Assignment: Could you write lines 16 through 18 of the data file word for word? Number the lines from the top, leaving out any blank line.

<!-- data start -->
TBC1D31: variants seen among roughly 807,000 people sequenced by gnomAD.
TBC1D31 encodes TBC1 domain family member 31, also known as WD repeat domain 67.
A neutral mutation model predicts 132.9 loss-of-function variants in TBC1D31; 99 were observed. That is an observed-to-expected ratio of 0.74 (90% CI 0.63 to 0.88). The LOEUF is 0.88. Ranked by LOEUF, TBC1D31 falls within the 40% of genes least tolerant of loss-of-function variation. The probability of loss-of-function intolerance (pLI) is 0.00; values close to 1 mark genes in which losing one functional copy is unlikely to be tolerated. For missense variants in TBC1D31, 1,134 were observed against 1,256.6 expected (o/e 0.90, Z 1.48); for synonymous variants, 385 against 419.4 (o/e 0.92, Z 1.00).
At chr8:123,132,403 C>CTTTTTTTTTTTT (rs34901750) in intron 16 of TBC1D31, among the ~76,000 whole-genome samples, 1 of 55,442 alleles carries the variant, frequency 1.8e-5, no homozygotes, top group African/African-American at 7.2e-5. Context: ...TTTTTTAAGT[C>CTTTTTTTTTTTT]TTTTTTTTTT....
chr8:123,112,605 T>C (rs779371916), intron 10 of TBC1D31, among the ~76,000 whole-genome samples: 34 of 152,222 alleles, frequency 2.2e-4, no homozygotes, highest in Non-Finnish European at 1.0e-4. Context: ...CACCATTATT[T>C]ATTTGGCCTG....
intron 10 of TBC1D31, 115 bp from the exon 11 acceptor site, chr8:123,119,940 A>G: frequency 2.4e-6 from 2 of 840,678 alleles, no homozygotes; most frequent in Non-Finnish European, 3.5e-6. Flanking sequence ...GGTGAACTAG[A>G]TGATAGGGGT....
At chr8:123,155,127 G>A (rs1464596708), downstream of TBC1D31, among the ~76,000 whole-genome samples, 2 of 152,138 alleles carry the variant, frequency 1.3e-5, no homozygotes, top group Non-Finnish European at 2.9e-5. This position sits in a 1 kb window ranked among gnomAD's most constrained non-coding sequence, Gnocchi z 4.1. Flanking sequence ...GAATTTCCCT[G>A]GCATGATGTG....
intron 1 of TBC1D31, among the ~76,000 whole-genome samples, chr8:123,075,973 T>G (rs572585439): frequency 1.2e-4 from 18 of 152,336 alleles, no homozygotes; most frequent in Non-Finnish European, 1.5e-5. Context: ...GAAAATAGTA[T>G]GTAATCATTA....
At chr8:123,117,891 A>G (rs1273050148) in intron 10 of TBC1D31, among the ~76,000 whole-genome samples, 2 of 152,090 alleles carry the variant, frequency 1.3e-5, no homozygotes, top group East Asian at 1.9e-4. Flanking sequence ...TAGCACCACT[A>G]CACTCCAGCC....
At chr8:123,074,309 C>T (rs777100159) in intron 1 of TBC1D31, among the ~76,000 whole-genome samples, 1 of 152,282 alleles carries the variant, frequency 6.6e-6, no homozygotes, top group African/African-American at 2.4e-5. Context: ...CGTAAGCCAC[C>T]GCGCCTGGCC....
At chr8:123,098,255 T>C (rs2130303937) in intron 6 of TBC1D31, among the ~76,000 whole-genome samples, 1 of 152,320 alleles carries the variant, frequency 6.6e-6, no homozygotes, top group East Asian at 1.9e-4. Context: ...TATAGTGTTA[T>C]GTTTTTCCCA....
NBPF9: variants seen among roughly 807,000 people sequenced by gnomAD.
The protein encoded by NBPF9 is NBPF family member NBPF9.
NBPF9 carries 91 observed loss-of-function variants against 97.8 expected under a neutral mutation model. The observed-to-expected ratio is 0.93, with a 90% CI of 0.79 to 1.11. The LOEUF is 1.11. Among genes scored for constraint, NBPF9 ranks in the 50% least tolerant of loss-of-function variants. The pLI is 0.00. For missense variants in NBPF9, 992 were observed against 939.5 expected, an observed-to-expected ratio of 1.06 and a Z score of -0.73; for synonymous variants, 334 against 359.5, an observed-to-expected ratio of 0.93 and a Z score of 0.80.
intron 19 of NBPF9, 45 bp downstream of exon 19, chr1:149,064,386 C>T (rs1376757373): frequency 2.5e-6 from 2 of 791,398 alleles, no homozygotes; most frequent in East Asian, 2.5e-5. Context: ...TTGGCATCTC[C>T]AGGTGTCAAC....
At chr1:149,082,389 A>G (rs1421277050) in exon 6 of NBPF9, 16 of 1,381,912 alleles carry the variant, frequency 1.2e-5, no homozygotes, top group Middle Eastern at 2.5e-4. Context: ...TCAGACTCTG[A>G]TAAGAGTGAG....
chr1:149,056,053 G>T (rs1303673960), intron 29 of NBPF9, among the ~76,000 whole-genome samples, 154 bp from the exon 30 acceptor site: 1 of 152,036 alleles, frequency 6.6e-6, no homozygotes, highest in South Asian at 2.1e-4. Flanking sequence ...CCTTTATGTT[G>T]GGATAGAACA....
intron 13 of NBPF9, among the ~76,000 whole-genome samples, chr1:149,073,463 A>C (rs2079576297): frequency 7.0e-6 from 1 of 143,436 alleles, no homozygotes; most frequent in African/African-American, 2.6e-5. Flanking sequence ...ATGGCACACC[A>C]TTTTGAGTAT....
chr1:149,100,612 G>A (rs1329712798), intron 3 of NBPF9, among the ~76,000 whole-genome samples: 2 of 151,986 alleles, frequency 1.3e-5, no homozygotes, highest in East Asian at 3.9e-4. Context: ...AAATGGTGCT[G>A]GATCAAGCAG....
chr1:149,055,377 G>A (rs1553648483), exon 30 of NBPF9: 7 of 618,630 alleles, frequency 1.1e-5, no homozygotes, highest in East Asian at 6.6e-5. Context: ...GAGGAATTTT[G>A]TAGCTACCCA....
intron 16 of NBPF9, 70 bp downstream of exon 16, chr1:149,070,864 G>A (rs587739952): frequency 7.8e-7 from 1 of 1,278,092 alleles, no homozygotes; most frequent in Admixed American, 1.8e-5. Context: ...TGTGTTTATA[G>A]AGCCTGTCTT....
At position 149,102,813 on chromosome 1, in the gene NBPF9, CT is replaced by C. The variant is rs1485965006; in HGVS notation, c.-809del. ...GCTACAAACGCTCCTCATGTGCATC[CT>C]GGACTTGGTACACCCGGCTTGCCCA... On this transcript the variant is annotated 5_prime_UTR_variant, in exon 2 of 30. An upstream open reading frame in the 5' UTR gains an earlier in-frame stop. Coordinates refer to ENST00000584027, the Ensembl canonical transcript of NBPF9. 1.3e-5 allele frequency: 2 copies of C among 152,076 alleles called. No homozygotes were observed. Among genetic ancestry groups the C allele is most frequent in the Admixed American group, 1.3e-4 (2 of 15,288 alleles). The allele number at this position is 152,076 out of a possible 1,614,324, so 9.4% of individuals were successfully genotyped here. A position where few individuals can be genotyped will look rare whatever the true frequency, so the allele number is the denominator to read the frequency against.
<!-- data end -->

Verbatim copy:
At chr1:149,082,389 A>G (rs1421277050) in exon 6 of NBPF9, 16 of 1,381,912 alleles carry the variant, frequency 1.2e-5, no homozygotes, top group Middle Eastern at 2.5e-4. Context: ...TCAGACTCTG[A>G]TAAGAGTGAG....
chr1:149,056,053 G>T (rs1303673960), intron 29 of NBPF9, among the ~76,000 whole-genome samples, 154 bp from the exon 30 acceptor site: 1 of 152,036 alleles, frequency 6.6e-6, no homozygotes, highest in South Asian at 2.1e-4. Flanking sequence ...CCTTTATGTT[G>T]GGATAGAACA....
intron 13 of NBPF9, among the ~76,000 whole-genome samples, chr1:149,073,463 A>C (rs2079576297): frequency 7.0e-6 from 1 of 143,436 alleles, no homozygotes; most frequent in African/African-American, 2.6e-5. Flanking sequence ...ATGGCACACC[A>C]TTTTGAGTAT....